III-1 Following mergers, institutions may find it necessary to retain the non-surviving entity's account for an interim period while "back-office" systems are consolidated. This temporary account arrangement is needed primarily to receive and route incoming wire transfers to the proper DDA system. Will these arrangements still be made available under the new account structure?

Answer: Yes. Transitional multiple account arrangements will be offered for a period of up to one year to support organizational and operational restructuring in the aftermath of bank mergers, whether in-state or interstate. To support transition periods, the surviving entity will be allowed to operate the non-surviving entity's account as an independent account for a period of up to one year, subject to a zero or other allocated cap for risk management daylight overdraft purposes. The 12 month transition period will be triggered by each merger/acquisition. Transition periods will begin on the effective date of the merger/acquisition. Alternatively, the surviving institution may set the non-survivor up as a subaccount.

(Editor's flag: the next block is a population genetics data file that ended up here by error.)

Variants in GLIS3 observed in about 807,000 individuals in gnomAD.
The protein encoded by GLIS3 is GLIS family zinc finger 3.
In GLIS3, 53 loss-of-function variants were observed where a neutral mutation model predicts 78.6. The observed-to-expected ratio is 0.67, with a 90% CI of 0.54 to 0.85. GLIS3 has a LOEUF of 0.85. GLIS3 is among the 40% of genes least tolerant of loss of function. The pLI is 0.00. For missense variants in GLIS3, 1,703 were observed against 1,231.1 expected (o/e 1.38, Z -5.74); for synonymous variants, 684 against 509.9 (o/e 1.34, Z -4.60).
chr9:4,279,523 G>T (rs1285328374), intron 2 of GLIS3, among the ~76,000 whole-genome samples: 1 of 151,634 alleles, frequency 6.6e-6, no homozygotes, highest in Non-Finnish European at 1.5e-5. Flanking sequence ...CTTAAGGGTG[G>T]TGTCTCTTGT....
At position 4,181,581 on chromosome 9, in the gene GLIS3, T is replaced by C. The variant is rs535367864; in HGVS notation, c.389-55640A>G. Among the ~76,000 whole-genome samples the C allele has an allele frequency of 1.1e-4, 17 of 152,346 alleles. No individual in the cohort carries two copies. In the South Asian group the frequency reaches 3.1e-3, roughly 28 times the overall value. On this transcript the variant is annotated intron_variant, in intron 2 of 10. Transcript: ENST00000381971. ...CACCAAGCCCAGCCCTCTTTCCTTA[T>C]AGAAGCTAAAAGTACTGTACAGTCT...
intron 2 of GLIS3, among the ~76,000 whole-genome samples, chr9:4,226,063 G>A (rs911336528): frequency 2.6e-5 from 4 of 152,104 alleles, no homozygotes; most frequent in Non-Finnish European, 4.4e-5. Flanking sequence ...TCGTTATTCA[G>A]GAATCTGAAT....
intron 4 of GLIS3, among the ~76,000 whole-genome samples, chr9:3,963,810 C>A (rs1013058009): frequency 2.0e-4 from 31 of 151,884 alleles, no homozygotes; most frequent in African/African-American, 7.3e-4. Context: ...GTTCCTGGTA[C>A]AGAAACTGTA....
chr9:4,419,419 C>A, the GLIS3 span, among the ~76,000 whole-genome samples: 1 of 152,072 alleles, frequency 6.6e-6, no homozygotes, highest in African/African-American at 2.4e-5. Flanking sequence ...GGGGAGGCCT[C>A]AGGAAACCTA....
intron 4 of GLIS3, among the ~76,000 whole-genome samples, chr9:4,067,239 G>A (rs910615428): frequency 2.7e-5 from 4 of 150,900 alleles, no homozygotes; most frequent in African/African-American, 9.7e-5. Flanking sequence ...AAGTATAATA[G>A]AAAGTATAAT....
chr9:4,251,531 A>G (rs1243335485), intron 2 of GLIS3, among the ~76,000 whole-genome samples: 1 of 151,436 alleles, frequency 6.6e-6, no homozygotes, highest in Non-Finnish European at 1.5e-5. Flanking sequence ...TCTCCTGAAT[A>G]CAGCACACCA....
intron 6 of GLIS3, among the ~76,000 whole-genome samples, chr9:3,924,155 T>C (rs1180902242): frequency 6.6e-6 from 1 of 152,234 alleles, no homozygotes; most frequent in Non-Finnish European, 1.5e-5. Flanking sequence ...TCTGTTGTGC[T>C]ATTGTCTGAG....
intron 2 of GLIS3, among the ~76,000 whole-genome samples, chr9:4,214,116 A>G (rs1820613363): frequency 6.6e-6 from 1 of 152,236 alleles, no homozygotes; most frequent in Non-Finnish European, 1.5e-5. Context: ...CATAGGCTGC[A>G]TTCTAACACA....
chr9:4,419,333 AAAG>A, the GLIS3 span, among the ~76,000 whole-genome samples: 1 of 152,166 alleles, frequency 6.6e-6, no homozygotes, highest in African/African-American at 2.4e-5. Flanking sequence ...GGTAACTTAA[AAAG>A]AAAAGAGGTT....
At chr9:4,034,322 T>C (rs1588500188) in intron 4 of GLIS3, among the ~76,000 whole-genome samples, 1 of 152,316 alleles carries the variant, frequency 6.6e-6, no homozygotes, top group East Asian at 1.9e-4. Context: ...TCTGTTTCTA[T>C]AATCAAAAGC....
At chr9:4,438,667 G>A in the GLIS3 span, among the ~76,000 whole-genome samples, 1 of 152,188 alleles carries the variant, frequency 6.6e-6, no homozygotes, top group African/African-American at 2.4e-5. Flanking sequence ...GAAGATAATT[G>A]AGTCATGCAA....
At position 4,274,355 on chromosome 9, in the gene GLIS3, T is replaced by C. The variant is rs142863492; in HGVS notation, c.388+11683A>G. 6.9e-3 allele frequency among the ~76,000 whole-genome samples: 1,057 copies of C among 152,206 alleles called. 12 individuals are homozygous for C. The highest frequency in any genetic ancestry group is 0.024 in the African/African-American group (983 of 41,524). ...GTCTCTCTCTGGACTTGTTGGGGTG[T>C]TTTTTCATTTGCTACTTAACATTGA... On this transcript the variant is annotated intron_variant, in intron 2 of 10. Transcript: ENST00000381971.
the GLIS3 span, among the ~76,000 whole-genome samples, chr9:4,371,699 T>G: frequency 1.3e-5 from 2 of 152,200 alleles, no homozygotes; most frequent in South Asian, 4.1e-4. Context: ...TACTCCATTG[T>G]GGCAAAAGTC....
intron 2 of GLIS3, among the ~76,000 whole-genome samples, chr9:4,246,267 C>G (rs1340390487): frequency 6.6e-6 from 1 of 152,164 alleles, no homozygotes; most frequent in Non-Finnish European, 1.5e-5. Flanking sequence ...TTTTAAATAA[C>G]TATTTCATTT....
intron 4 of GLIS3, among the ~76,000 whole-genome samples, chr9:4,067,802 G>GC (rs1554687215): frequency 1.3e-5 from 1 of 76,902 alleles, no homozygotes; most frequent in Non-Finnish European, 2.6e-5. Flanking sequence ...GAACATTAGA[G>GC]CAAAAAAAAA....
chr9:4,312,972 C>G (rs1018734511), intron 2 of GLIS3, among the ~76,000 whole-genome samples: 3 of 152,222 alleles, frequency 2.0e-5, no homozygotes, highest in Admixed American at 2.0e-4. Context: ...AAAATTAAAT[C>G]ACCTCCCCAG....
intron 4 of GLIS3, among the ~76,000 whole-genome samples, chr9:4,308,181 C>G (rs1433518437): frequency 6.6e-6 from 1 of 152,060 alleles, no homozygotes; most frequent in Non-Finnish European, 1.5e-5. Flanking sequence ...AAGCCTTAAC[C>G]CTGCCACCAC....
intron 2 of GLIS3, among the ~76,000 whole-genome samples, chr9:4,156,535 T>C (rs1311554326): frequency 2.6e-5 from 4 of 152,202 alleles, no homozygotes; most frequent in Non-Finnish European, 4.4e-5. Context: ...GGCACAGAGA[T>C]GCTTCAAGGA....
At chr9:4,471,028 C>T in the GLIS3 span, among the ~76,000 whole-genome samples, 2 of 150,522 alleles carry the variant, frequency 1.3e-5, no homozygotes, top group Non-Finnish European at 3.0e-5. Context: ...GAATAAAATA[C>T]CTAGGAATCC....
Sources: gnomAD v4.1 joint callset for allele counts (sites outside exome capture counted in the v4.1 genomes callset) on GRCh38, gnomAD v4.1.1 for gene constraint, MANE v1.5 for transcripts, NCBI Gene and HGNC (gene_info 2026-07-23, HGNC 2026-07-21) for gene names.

1. The Depository Institutions Deregulation and Monetary Control Act of 1980 (MCA) is the principal statute governing access to Federal Reserve services and, by extension, the types of institutions eligible to hold a Federal Reserve account. Other relevant statutes/regulations are the Federal Reserve Act, Regulation D and the International Banking Act of 1978. Return to text

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Last update: September 27, 2002